Australian bananas: the view from New Zealand
29 Aug 2018|

If Australia weren’t so important to New Zealand, New Zealanders could relish the farce masquerading as politics in Canberra.

Australians used to denigrate New Zealand’s post-1993 proportional voting system. But Helen Clark got nine years in office, John (now Sir John) Key had eight years before handing over to Bill (now Sir William) English for a ninth year, and Jacinda Ardern is solidly supported in her party and by her two coalition partners, with a credible prospect of six years or more.

Now, some joke, to understand Canberra’s whirling turnstile of prime ministers, we must remember that Australia grows bananas—abundantly.

In the early 1980s, Australian deputy prime minister Doug Anthony worried that New Zealand’s dicky economy might make it an unstable neighbour—hence, he told me, the need for the closer economic relationship free trade agreement (CER).

Turn that around. Is Australia now stable enough to be a reliable partner in the region and build CER into a genuine single economic market?

Ardern talked on Friday of ‘close ties in all areas of our relationship, including on trade, economic, defence and security matters’. ‘[W]e cooperate closely in our region and on the international stage.’

She said she was ‘looking forward to working with [Prime Minister Scott] Morrison to advance that’.

Foreign Minister Winston Peters noted that Morrison was involved in New Zealand tourism administration when the ‘high-profile’ ‘100% Pure New Zealand’ campaign slogan was coined.

Morrison headed the NZ Office of Tourism and Sport from 1998 to 2000. The Audit Office criticised a report of his to Tourism Minister Murray McCully on the separate Tourism Board. McCully resigned after the Audit Office criticised his dealings with the board.

Peters depicted Morrison as ‘familiar with the New Zealand political psyche, the composition of New Zealand, how [we] think and work’.

He didn’t mention Morrison’s hard line as immigration minister foreshadowing Home Affairs Minister Peter Dutton’s detention and deportation of convicted prisoners born in New Zealand, some of whom had lived in Australia since they were children and were criminalised there.

Add the inhumane treatment of refugees on Manus Island and Nauru and refusal to take up New Zealand’s offer to resettle some of them.

The Morrison–Dutton party could be called the Illiberals. In July, Justice Minister Andrew Little called Dutton’s policy ‘venal’ and didn’t retract the comment when Dutton hit back. Earlier that month, Peters—as acting prime minister while Ardern was on maternity leave—said Australia had breached the United Nations Convention on the Rights of the Child in detaining a 17-year-old New Zealander.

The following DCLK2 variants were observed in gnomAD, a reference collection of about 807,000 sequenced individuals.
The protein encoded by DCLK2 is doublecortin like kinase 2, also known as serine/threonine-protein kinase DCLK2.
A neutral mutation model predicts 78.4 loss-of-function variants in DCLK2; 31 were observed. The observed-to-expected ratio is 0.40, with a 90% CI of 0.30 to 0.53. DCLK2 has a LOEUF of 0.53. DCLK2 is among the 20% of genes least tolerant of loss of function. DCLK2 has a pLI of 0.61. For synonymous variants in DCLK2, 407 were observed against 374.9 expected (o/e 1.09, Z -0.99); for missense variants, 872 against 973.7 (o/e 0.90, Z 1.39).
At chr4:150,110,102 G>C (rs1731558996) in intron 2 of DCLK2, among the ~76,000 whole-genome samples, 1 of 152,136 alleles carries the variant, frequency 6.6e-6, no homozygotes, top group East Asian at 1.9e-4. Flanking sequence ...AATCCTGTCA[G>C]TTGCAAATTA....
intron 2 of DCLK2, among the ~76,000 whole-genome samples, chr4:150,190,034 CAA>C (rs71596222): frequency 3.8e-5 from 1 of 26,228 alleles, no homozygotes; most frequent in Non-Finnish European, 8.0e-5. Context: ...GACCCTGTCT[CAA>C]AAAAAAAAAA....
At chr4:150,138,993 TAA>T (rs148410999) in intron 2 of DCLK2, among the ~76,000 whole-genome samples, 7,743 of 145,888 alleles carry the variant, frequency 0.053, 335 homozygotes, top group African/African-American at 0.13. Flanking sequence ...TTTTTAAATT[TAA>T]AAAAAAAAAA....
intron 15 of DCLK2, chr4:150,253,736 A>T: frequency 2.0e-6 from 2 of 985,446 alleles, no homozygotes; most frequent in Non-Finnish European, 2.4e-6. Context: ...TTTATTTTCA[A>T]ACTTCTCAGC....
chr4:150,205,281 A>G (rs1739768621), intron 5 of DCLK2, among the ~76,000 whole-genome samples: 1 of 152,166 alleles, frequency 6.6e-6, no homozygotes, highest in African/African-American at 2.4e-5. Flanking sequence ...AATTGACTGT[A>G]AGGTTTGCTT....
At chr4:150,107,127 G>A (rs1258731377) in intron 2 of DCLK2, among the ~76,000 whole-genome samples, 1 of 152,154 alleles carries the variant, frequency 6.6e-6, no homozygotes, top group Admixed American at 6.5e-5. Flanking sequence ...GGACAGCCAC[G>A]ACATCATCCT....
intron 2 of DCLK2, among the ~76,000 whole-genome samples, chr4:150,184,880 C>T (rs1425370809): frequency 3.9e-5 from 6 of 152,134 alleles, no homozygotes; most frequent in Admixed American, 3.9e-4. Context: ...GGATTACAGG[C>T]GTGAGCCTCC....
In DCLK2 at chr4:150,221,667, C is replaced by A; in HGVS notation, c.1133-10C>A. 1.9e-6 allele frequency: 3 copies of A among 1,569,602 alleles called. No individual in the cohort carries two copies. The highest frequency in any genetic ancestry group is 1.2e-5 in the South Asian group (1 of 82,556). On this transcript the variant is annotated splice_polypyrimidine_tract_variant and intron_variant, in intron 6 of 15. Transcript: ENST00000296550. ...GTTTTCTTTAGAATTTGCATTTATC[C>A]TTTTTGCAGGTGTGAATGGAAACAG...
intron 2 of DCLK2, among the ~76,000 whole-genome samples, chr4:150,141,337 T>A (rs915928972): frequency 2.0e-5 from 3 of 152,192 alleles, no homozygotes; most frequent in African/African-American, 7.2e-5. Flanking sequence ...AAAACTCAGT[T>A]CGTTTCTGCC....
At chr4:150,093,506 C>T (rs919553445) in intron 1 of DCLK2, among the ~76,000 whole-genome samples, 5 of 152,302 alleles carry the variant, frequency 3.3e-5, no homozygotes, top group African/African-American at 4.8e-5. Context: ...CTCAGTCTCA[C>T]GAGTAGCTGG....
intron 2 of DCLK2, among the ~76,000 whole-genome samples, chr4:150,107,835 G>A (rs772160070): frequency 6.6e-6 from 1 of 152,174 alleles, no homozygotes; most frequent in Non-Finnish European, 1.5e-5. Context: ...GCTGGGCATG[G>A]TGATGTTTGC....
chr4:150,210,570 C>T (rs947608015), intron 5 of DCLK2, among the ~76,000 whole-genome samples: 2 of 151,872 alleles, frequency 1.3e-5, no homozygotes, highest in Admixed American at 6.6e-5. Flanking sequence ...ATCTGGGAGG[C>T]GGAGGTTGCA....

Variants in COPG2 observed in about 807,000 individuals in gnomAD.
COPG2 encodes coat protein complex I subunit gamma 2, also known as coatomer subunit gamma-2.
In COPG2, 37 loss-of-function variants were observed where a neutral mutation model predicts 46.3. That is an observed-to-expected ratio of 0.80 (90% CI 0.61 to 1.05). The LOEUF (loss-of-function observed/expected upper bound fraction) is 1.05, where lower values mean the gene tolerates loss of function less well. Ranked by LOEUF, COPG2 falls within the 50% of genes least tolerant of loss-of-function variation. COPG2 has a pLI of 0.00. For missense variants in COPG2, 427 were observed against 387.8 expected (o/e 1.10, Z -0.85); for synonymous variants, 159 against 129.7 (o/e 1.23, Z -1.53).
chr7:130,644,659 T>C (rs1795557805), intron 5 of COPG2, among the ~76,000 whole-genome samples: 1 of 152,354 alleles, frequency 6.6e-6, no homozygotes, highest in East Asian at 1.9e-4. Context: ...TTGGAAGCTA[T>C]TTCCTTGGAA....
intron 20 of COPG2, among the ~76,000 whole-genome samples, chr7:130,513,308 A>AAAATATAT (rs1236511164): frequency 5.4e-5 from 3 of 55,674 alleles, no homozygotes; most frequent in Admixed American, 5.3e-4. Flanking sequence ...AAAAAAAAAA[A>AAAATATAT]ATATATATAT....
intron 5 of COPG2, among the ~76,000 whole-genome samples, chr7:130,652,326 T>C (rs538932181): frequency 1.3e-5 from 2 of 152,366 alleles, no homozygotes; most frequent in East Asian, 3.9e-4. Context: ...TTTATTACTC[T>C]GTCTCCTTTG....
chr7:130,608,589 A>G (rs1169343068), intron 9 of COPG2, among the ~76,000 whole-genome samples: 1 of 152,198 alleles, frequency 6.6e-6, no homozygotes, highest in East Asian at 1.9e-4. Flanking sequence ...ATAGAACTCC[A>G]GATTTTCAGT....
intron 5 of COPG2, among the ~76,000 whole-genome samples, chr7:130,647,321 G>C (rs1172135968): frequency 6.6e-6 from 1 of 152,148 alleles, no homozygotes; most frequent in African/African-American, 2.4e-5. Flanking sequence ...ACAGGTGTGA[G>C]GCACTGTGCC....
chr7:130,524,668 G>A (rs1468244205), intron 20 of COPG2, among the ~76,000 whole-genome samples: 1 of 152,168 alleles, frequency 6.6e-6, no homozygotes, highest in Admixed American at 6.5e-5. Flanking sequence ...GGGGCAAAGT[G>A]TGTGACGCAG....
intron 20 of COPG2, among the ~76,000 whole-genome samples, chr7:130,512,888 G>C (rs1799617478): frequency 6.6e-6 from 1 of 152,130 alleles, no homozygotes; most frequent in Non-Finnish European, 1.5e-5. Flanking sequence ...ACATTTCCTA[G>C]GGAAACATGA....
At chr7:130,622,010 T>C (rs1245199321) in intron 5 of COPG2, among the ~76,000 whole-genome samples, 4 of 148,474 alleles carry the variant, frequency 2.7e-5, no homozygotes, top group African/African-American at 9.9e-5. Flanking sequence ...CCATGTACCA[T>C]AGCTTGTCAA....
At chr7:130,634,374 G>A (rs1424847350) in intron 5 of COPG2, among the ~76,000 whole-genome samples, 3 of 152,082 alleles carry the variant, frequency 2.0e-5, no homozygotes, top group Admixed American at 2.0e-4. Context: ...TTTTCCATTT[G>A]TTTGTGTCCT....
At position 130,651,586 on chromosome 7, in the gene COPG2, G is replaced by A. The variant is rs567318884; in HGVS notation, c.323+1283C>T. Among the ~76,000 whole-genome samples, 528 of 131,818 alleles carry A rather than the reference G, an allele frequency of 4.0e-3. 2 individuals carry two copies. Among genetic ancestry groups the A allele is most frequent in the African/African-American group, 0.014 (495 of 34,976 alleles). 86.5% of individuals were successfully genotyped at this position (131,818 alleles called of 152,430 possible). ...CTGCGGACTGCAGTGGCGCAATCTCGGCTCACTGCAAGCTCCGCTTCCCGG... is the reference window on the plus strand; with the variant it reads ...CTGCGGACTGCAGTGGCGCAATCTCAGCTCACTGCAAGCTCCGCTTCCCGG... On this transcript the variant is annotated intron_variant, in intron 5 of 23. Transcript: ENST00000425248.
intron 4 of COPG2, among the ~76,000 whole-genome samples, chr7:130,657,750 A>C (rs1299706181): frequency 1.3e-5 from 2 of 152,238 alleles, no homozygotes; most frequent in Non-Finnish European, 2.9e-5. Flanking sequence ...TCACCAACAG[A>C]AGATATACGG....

Still, Ardern on Friday gave Malcolm Turnbull credit for the ‘Pathway to Citizenship, which has allowed many New Zealanders to regularise their status in Australia’—around 600,000 people born in New Zealand live in Australia—and thus claim some services they have paid taxes towards but are denied while not citizens.

And the turmoil does not—at least not yet—undermine cooperation in security and development in the South Pacific. New Zealand has begun a ‘reset’ of its engagement with the island nations, recognising its growing Pacific ethnic minority, the important marine food and other resources in the sparsely populated region, and China’s growing presence, including with large loans.

New Zealand also values the positive aspects of Australia’s engagement in East Asia, including the expected announcement of a free trade deal with Indonesia.

But there are differences. One is between New Zealand’s ‘independent foreign policy’ and Australia’s tight US military alliance and more assertive stance on China’s activities in East and Southeast Asia and influence in Australia’s universities and its politics.

Another difference is on climate change. Morrison is a coal champion. Ardern backs the Paris accord.

And New Zealand businesses find progress frustratingly slow on removing obstacles to the single economic market. Australia is the biggest foreign market for manufactures and a stepping stone to bigger markets.

Insiders say Australia moves on a matter needing joint action such as CER only when it’s high on Canberra’s domestic action list.

And why not? Australia is the bigger sibling in this unequal ‘close relationship’. Bigger siblings are often dismissive—sometimes with justification, as over New Zealand’s paltry defence contribution (now being edged upward).

This dismissal is usually veiled behind platitudes. But sometimes the veil slips. Julie Bishop declared during New Zealand’s 2017 election campaign that she couldn’t work with a Labour government. Interference in another country’s election offends diplomatic propriety—Bishop was foreign minister. Turnbull didn’t correct her.

That’s life. More worrying to Wellington is instability in Canberra, because stable politics there are critical to a stable relationship, and even a switch to Labor wouldn’t assure that, given its travails and Bill Shorten’s unfamiliarity with the Tasman sibling.

For now, to New Zealanders Canberra truth looks stranger than fiction—as Politik editor Richard Harman unintentionally encapsulated in a typo calling the deeply factionalised Liberals ‘fictionalised’.